1. “The Madness of Crowds” by Louise Penny
The 17th edition in the popular and bestselling Inspector Gamache series.
2. “The Guide“ by Peter Heller
A seasonal worker who is escaping recent trauma uncovers shocking menace and intrigue at an upscale Colorado resort.
3. “Klara and the Sun” by Kazuo Ishiguro
The latest from the Nobel Prize laureate, a story set in a vaguely futuristic and technologically advanced place, exploring themes of love, humanity and science.
4. “The Hidden Palace” by Helene Wacker
Sequel to the bestselling “The Golem and the Jinni,” continuing the magical story of two immigrant mythological characters in New York City and the Middle East in the years leading up to WWI.
5. “The Ministry for the Future” by Kim Stanley Robinson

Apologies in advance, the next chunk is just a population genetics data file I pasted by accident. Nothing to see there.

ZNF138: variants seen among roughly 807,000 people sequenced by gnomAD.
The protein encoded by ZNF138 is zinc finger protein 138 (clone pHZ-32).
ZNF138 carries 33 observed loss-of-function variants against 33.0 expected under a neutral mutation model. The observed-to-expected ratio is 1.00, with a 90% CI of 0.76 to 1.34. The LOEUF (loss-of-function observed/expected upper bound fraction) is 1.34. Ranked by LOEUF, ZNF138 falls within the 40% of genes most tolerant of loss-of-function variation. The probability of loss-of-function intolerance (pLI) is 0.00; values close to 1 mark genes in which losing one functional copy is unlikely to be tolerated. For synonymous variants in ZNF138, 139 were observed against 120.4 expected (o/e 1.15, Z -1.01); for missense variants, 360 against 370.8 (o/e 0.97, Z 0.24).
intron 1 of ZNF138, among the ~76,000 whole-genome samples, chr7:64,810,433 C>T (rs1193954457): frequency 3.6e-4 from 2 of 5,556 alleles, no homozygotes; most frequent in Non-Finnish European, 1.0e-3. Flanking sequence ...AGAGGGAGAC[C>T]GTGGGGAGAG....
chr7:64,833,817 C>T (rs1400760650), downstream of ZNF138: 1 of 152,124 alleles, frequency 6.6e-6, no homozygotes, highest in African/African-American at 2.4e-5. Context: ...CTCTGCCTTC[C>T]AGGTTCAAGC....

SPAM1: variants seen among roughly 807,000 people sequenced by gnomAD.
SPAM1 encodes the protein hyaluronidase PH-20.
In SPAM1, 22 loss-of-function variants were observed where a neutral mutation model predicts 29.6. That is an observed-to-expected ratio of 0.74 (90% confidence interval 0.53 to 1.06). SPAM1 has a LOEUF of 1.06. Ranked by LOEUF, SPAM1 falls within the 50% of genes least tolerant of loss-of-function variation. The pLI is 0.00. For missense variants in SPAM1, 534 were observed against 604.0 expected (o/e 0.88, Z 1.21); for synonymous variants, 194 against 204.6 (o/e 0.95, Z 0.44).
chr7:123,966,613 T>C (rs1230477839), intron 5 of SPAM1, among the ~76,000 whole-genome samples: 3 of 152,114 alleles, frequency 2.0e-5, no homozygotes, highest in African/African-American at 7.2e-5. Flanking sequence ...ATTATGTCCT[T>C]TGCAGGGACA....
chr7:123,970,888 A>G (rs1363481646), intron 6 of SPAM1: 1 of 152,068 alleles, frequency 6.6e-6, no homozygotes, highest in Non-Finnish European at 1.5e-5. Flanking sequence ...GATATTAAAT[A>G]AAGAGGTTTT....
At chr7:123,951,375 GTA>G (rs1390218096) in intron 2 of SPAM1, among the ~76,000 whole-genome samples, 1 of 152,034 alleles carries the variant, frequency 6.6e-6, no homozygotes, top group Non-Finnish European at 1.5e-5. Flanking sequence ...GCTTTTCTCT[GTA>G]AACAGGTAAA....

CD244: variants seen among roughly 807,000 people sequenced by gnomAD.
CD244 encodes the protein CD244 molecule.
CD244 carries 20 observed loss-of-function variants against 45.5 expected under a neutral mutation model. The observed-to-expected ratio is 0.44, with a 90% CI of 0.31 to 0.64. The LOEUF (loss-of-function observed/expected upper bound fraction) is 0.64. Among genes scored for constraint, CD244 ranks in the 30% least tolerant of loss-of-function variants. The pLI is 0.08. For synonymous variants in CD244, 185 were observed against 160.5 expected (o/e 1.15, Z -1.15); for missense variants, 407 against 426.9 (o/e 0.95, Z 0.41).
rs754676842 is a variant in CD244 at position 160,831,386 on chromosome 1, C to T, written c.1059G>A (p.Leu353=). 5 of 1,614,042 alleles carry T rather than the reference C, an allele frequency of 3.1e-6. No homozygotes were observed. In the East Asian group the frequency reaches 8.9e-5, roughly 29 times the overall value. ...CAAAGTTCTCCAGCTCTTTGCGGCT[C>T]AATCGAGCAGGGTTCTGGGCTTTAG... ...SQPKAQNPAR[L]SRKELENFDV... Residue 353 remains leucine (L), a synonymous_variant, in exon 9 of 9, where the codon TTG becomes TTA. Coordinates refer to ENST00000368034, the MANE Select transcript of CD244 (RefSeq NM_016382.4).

Post-apocalyptic story of a UN watchdog agency created by the 2025 Paris Agreement confronting issues of climate change, technology, politics and human behavior.
1. “This is Happiness” by Niall Williams
A coming-of-age story set in the 1950s on the western coast of Ireland.
2. “Hamnet“ by Maggie O’Farrell
Set in Stratford and London in the late 1500s, a lush, fictionalized story of Shakespeare’s marriage to an enigmatic woman and their grief, following the death of their beloved young son.
3. “The Night Watchman” by Louise Erdrich
2021 Pulitzer Prize winner, based on the author’s grandfather who was a factory night watchman, and who took up the fight against Native American dispossession.
4. “The Boy in the Field” by Margot Livesey
Three teen siblings find an injured youth in a field, triggering events in each of their lives and onto paths of self-discovery.
5. “Migrations” by Charlotte McConaghy
Debut novel of a woman who travels to Greenland to follow the last flock of the Arctic terns, while also running away from the dark secrets of her traumatic past.
UPDATED: Please read and follow our commenting policy: